Dried fruit is a
fruitthat has been dried, either naturally or artificially by a machine, such as a dehydrator.Examples of dried fruits are Raisins,
Plumsor Prunes and Dates. Apples,
Apricots, Bananas, Cranberries, Figs,
Mangoes, PawPaw, Peaches, Pineapples,
Pears and Tomatoes are the other dried fruits. A good dried fruit has a long shelf life and therefore it can be used as a good alternate to fresh fruit, which allows out of the season fruits to be available. Drying is a very well-known way to preserve fruit
when there is no refrigerator. Dried fruit is mostly used in baking mixes, breakfast cereals and making cake. Dried fruit is a healthy snack and since the public is ready to pay more for the snacks than staples, the quality is improving all the time.
Indehiscent Dry Fruits
The caryopsis is widely called as a grain.
A very small, one-seeded dry, indehiscent fruit in which the actual seed coat is completely merged to the pericarp.
The outer layer of pericarp or husk is referred to as the bran, while the inner, seed layer is referred as the germ.
Caryopsis is the featured fruit of the large grass family . This is truly a fruit and not a seed because it came from a ripened ovary inside the grass inflorescence.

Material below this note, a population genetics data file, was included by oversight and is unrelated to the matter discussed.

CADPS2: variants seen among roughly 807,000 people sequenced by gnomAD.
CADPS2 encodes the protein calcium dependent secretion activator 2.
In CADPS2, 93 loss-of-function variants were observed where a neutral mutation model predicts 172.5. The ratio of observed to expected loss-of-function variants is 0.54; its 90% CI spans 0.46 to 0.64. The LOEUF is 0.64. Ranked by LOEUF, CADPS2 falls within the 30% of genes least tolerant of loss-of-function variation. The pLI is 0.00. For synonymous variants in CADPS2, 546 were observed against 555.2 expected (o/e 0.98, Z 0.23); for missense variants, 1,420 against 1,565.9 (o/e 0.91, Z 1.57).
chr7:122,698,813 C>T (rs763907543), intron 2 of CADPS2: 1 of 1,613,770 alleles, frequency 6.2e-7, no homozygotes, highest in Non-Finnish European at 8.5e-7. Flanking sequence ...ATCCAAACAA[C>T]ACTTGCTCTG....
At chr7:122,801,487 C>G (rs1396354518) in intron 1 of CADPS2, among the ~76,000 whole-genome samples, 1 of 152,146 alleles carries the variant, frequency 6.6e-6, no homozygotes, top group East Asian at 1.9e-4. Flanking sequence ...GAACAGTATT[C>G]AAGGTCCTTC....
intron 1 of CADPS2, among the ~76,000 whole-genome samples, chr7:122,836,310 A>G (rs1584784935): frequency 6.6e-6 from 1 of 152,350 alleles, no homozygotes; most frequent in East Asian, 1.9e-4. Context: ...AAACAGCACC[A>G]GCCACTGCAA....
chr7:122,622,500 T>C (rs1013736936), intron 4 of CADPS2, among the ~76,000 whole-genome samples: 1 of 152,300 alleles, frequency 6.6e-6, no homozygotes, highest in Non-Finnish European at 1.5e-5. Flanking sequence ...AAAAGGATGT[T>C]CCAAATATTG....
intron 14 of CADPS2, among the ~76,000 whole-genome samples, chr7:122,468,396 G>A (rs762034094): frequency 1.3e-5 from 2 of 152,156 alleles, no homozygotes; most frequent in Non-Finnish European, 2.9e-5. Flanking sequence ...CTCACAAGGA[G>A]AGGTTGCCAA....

Corn (maize), wheat, rice, rye, barley, oats, Johnson grass, Bermuda grass and many more species are the other examples of this type.
In corn grains, the major white material that bursts when the grains are heated is endosperm tissue within the seed.
Grain type fruits are generated by members of the grass family which comprises main food crops such as rice, corn and wheat.
Dehiscent Dry Fruits
It develops from a single carpel and therefore seed(s) are in one locule.
The fruits produced in Columbine and milkweed plants are known as a follicle. Magnolia is an example of follicle fruit.
The Follicle fruit develops from a single ripened ovary and split only once to release their seeds in to the environment.
The discharging seeds is always along. Follicles may occur individually, example - milkweed.
When the fruit splits it looks like a dry leaf and that carpels are modified and the leaves first produce spores, then gametes and finally seeds.
The cone-like magnolia tree fruit is an aggregate of many small follicles, each has single bright red seed.
The term apocarpous refers to flowers that has separate and distinct carpels, such as delphiniums and columbines of the buttercup family.
The achene contains a single seed that stick to the wall of the ovary. Seed coat is not merged with ovary wall.
The matured ovary wall is thin and immature, so when it dries, the fruit will developed as a seed-like appearance.
Sunflowers,dandelions are examples for achenes.Buttercup and buckwheat fruits are the typical achenes.
Sunflower "seed" is not a seed actually a fruit. They are tiny and one-seeded fruit, generally produced in clusters.
At maturity the pericarp is dry and not attached to the internal seed, except at the placental attachment.
An achene is a type of simple dry fruit that is developed by many species of flowering plants sometimes called as akene, and rarely called as achenium or achenocarp.
The legume splits into two lines of dehiscence subsequent to maturation and drying.
The legume fruits are derived from a simple ovary that has one carpel with two rows of ovules.